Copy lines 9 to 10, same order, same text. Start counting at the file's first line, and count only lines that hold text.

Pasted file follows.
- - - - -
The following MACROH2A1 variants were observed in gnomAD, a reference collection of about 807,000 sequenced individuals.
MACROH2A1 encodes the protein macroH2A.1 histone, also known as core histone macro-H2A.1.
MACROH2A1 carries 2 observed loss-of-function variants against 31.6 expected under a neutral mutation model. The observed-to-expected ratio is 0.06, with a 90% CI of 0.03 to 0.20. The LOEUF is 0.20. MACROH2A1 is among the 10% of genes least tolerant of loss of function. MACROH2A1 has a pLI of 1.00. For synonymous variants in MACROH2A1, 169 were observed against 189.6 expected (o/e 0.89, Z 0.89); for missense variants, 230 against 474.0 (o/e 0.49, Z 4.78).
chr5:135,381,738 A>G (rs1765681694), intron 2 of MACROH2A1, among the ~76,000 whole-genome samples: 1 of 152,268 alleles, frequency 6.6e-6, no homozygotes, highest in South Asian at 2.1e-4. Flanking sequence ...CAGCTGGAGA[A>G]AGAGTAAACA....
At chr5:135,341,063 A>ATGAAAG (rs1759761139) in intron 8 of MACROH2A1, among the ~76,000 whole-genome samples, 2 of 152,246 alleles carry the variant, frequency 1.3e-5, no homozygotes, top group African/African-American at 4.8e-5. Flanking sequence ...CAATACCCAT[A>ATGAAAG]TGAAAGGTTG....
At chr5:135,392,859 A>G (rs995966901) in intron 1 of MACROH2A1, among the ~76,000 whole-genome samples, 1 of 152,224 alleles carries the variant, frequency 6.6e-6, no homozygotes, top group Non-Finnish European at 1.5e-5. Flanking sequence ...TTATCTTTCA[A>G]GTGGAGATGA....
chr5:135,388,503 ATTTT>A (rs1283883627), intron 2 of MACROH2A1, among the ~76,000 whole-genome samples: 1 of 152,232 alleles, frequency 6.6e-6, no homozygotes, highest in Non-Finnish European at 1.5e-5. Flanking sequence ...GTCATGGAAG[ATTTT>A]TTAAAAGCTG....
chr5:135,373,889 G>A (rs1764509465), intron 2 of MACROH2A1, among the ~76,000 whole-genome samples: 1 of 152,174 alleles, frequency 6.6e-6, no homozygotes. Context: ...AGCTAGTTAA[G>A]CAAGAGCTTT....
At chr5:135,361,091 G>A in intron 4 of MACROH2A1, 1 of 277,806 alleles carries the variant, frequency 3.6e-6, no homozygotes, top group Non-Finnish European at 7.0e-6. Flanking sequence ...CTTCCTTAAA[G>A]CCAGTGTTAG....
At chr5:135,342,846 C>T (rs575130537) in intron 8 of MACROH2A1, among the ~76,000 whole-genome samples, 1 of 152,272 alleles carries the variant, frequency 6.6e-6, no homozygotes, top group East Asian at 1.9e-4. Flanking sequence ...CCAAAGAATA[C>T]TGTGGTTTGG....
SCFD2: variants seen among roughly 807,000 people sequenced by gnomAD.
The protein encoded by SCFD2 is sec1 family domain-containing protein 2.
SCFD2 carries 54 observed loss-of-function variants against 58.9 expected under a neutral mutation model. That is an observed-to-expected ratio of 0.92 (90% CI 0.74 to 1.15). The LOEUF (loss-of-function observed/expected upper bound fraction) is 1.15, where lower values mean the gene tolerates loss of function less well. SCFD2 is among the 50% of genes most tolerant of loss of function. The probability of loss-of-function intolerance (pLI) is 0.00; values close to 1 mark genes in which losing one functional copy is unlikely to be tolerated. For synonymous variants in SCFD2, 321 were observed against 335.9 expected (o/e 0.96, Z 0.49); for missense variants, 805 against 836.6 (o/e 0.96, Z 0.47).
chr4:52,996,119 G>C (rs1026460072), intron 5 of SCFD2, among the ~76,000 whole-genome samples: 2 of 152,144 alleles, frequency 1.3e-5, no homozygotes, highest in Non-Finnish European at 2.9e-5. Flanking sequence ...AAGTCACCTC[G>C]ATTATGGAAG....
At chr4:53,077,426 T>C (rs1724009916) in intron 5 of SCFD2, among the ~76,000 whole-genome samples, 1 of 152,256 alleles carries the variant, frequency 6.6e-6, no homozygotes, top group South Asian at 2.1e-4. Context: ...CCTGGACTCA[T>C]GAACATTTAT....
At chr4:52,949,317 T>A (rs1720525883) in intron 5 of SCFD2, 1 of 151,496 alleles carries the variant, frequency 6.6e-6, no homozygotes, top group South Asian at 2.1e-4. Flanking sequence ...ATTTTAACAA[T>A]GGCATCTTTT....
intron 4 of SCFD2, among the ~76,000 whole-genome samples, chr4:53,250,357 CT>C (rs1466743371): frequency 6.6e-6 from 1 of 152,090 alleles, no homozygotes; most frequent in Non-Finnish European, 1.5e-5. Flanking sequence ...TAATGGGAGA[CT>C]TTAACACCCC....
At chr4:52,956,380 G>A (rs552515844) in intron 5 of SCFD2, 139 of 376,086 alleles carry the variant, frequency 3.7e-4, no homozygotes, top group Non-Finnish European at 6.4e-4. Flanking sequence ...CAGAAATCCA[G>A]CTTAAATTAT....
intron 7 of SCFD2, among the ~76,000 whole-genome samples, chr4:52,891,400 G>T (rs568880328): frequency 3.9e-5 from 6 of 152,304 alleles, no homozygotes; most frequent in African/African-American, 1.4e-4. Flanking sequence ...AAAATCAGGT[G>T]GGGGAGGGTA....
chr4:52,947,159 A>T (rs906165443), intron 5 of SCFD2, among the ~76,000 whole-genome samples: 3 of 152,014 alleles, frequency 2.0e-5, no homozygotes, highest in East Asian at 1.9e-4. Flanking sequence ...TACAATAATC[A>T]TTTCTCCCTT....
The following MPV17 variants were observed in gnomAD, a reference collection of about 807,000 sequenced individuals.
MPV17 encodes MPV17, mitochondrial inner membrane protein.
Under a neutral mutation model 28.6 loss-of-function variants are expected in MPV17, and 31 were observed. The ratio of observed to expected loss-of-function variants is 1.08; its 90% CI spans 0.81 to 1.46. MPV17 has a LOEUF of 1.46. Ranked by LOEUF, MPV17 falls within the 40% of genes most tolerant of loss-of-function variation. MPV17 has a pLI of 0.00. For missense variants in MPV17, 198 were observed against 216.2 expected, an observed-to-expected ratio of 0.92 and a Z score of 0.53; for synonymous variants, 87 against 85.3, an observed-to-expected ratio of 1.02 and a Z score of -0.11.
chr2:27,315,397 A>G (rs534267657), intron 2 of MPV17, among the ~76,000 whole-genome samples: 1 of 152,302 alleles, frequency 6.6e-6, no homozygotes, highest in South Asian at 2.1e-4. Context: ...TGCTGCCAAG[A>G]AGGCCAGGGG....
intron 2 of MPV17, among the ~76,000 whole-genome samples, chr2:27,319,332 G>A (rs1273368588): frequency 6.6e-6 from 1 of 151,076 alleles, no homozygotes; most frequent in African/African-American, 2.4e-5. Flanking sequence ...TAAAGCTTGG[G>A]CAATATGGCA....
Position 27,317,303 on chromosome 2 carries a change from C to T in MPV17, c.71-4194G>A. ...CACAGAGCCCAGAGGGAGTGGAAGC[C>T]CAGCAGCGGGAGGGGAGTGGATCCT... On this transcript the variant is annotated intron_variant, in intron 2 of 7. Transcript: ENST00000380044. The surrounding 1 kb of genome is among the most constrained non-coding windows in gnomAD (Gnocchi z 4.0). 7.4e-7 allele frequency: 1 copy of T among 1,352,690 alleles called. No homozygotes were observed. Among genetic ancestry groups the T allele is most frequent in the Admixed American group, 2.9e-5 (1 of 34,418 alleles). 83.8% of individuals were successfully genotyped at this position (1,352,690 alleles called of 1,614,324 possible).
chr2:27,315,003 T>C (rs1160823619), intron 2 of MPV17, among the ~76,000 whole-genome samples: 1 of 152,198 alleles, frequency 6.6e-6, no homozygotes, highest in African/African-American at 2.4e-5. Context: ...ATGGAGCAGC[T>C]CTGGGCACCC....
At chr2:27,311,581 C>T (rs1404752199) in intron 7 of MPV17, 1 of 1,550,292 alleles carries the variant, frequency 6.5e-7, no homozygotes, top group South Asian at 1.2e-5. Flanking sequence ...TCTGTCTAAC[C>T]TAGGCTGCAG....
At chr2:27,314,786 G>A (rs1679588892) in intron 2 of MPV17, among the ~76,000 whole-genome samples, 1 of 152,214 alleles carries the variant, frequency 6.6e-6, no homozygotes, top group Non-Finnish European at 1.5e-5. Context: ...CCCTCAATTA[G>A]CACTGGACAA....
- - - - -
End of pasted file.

At chr5:135,361,091 G>A in intron 4 of MACROH2A1, 1 of 277,806 alleles carries the variant, frequency 3.6e-6, no homozygotes, top group Non-Finnish European at 7.0e-6. Flanking sequence ...CTTCCTTAAA[G>A]CCAGTGTTAG....
At chr5:135,342,846 C>T (rs575130537) in intron 8 of MACROH2A1, among the ~76,000 whole-genome samples, 1 of 152,272 alleles carries the variant, frequency 6.6e-6, no homozygotes, top group East Asian at 1.9e-4. Flanking sequence ...CCAAAGAATA[C>T]TGTGGTTTGG....